15. Wow

    Wow this is disgusting, un real.....

    February 6, 2014 at 8:33 am | Reply
  16. Howard

    Judge got paid off

    February 6, 2014 at 8:29 am | Reply
  17. Doc

    Totally disgusting that this killer – he's plenty old enough to know he shouldn't have been drinking & driving – will essentially suffer nothing for killing four people & injuring two more. But also not surprising, which is why its even more disgusting. The judge should also be up on charges for having no spine.

    February 6, 2014 at 8:27 am | Reply
    • Mahdee

      Maybe the judge has a huge new bank deposit from the boys parents. Wouldn't be the first time in history someone was paid off.

      February 6, 2014 at 8:34 am | Reply
  18. RCB

    There was no justice in this case; not for this guilty young man, not for the 4 killed, the two seriously hurt or the family members. Awful example of the US justice system.

    February 6, 2014 at 8:26 am | Reply

    Yes the parents are the source of the problem, which the judge could have corrected by sending this spoiled little jerk to an adult prison but the judge then became a greater problem. In fact the greatest problem here in Texas is not the laws; it is the courts and specifically the judges.

    February 6, 2014 at 8:23 am | Reply
    • TeamCNNCNN

      We're discussing now. Hope you're watching!

      CNN VCM

      February 6, 2014 at 8:27 am | Reply
  20. Marcin

    I totally appreciate David's comment. if this minor was found not guilty due to "affluenza", then where is the "nofluenza" defense? Both arguments have merrit, and hold no water (in my book). Affluenza: so rich and spoiled that there is no sense of moral responsibility for one's actions. Even if the argument is one that revolves around Mens Rea, i can create an argument where i say, "they are so rich i didn't realize that stealing from them would cause them any harm" bingo, i didnt intend to do harm, i didnt believe that stealing from the rich is wrong or harmful. Nofluenza defense.
    I'm not sure how that would apply to acts of violence or vehicular manslaughter, but if we take the class and weath stereotypes out of it, why can't we argue simply "i am too stupid to know that what i was doing is wrong?" sounds like a great defense for anyone, rich or poor.
    Also, last i checked, DUI manslaughter cases across the board have defeated the 'too drunk to know i was doing wrong' aspect of manslaughter by reasoning 'you intended to drink, therefore you intended to drive drunk', how does affluenza remove this simple test? urgh. so annoying.

    February 6, 2014 at 8:14 am | Reply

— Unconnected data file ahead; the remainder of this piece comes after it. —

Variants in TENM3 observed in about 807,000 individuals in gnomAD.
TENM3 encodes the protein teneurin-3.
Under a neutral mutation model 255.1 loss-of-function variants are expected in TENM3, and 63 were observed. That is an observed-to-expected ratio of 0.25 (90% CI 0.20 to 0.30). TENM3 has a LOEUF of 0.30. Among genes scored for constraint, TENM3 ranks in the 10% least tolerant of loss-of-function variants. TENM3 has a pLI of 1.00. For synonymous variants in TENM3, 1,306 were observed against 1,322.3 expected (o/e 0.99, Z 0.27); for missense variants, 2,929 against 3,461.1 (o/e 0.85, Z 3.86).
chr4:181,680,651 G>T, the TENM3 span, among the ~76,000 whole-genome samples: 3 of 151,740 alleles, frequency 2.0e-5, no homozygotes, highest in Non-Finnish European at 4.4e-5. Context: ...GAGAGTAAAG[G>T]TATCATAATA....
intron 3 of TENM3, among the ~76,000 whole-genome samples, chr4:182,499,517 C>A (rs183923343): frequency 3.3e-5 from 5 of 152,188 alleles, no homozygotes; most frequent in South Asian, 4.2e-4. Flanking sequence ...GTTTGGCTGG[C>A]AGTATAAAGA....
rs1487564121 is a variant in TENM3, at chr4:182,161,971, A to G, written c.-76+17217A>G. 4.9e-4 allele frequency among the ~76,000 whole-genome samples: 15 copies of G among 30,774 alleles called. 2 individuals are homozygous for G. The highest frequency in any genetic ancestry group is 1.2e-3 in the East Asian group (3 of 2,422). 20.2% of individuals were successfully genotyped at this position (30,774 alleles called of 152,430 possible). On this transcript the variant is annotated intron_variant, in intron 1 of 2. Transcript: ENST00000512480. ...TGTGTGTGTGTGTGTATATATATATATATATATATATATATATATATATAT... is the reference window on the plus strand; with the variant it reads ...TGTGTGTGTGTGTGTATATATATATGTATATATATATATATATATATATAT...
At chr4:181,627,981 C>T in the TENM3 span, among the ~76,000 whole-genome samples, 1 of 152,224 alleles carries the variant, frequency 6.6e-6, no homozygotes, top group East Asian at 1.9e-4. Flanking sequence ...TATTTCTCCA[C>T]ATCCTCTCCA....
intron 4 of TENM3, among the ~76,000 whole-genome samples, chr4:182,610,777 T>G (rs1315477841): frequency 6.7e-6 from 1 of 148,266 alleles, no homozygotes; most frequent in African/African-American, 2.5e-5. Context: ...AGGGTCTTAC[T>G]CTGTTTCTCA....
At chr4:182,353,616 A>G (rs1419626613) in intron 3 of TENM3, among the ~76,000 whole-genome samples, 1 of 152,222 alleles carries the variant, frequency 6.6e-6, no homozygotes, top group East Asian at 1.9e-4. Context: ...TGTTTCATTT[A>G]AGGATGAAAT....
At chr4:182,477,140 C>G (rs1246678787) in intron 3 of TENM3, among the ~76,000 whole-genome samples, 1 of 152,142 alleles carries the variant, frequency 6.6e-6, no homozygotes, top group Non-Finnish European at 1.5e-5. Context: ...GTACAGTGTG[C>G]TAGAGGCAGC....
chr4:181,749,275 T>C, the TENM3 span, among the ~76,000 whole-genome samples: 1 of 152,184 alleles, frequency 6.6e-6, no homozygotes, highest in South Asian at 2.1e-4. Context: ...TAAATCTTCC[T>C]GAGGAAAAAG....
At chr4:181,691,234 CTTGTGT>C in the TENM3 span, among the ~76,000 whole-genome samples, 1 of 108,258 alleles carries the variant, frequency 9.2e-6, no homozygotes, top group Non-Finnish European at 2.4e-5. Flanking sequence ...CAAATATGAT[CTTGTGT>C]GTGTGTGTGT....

21. Riada Kram

    He killed FOUR people. He should be executed not sent to rehab. There is absolutely no justice in our "justice system".

    February 6, 2014 at 8:10 am | Reply
    • adam

      We don't have a justice system, we have a Legal system.

      February 6, 2014 at 8:33 am | Reply
      • TeamCNNCNN

        Did you see the interview just conducted by Chris Cuomo with the attorney of the affluence teen? Tell us what you thought of it.

        If you missed it, check back with us later today for the posting of the interview.

        CNN VCM

        February 6, 2014 at 8:36 am |
  22. Dexter

    anyone know the name of the facility dear Ethan will be at?

    February 6, 2014 at 8:09 am | Reply
    • TeamCNNCNN


      Different sites have suggested various "luxury" rehabilitation facilities, but CNN has not confirmed this information.

      Thanks for watching and commenting today!

      CNN VCM

      February 6, 2014 at 8:16 am | Reply
  23. BBB

    Parents should be doing hard time. This was a missed learning opportunity for the legal system.

    February 6, 2014 at 8:08 am | Reply
  24. AJ

    Too rich to Jail
    The new normal

    February 6, 2014 at 8:07 am | Reply
  25. brian

    this kid needs to be hooked up to the electric chair while his parents watch. does anybody honestly think thsi kids gonna go on to be a positive figure in any society. i bet he kills again in his lifetime, he got away with it once, he'll get off on it the next time. they've done nothing but teach this dirtbag that he's above the law. Our "justice " system is so screwed up and the USA is a terrible joke.

    February 6, 2014 at 7:58 am | Reply
  26. Mo

    Yet, law enforcement spent 37 years tracking down a woman that escaped from a michigan prison for the horrendous crime of....wait for it, wait for it, larceny. Yeah, that's right, stealing an article of clothing got her almost 2 years in prison, and she escaped after serving about half her sentence. Law enforcement "tracked" her down 37 years later in San Diego. Yup, I'd say our justice system is pretty messed up....there's one for you and me, then there's the other one for the affluent and famous. Think about the thousands upon thousands sitting in jails and prisons right now doing time for non violent drug crimes and other petty crimes like this woman, yet this little punk kills 4 and because he's rich (yeah, that's right, that's hs actual defense) he serves not a one day behind bars.

    February 6, 2014 at 7:32 am | Reply
  27. David

    If this teen was let off easy because his upbringing didn't instill in him any sense of social responsibility or self control or any need to be held accountable for his actions, how is this any different from so many minority youths who also grow up in a culture lacking all the same - just without the wealth and privilege?

    February 6, 2014 at 7:20 am | Reply